Access, camping and picking plants in the countryside

camping lofoten


This law defines the rights of each individual over the property (land) of others. Most of these rights, which have been acquired over time, are laid down in the 1957 “Friluftsloven” Act of Parliament which governs outdoor pursuits in Norway..

Most of this Act focuses on the right to access other people’s property, which is divided into “innmark” and “utmark”.

Innmark (grazing or farmland) is the zone in which owners may reasonably demand peace and quiet. For example, the plot of land on which their house or chalet is built, or land they farm comes under the definition of innmark. In this zone “Allemannsretten” has limited application. For example, it is permitted to access innmark in winter (from 14/10 to 30/04 when the ground is frozen) except for enclosed plots of land and within the immediate vicinity of houses. During the summer season you must stay on the marked tracks or paths open to general access in order to hike in innmark.  Camping and bivouacking in an innmark zone require the
owner’s consent.

In utmark, which the law defines as “unfarmed land not considered innmark” free access of people whether on foot, skis, horseback or bike, is authorised provided you take due care over the natural environment and the place you are crossing. It is prohibited to cut down trees and shrubs, to disturb the animals and birds, all animal life is protected. Dog owners are fully responsible for their dogs and any damage they may cause. Dogs may only be let off the leash provided their owners can see them and control them at all times. In order not to disturb the wild animals and cattle, dogs must be kept on a leash from 1/04 to 20/08. The other rights governed by the Friluftsloven act cover bathing, which you may do at reasonable distance from houses, and camping which is restricted to two nights in the same place at a reasonable distance from houses (minimum 150m). If you want to camp less than 150m from a house or for longer than two days you must ask the owner’s or farmer’s permission.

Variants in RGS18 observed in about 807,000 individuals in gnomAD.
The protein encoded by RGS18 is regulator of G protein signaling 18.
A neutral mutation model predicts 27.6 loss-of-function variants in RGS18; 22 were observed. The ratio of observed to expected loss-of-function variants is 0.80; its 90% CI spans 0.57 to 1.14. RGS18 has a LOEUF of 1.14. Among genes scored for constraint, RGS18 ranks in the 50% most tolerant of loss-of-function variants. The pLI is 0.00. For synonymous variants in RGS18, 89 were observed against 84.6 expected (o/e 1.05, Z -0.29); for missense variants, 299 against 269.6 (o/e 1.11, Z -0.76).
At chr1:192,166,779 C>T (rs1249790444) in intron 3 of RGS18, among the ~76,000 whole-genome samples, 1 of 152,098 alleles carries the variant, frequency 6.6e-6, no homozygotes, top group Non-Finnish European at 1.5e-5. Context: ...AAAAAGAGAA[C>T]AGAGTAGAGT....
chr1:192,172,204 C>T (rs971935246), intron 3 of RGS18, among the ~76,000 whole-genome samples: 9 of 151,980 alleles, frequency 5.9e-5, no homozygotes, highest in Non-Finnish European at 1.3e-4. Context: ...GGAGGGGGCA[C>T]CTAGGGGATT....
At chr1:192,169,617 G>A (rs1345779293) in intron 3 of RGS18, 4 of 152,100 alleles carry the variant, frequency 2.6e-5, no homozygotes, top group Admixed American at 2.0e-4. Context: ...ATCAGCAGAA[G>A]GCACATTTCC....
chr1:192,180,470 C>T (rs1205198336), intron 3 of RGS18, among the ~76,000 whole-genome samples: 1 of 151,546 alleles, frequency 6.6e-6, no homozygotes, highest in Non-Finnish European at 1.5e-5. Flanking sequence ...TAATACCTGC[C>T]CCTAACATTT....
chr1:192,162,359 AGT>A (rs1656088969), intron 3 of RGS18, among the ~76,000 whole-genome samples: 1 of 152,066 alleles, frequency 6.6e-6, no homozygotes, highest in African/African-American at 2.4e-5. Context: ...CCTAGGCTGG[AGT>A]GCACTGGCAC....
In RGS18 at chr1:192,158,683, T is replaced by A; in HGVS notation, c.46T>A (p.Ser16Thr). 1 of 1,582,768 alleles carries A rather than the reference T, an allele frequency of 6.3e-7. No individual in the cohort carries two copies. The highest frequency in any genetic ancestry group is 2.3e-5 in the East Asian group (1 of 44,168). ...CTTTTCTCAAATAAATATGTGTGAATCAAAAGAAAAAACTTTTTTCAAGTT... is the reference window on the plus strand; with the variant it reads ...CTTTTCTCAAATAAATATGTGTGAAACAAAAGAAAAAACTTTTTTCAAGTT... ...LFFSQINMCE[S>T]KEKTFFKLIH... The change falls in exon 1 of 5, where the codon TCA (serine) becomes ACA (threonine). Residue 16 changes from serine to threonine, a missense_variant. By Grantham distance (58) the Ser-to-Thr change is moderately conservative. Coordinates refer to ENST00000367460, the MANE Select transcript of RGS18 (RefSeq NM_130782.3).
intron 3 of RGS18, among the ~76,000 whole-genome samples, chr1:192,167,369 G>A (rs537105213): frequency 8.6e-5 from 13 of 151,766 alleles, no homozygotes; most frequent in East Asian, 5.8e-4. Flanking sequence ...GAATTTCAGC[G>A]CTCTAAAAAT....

It is also permitted to pick berries, mushrooms, walnuts and hazelnuts, and also flowers except in protected areas and zones (e.g. natural parks). Lastly, it is prohibited to make fires in the forest or heathland from 15/04 to 15/09 except for mountainous zones without vegetation.

Text translated from Norwegian by Rando-Lofoten

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Where to sleep, eat, drink and more in the Lofoten Islands

As we are not a tourist office, we will only publish recommandations for places we think are hikers and backpackers friendly and that we have tested AND appreciated. This section will get more stuff as we go along.


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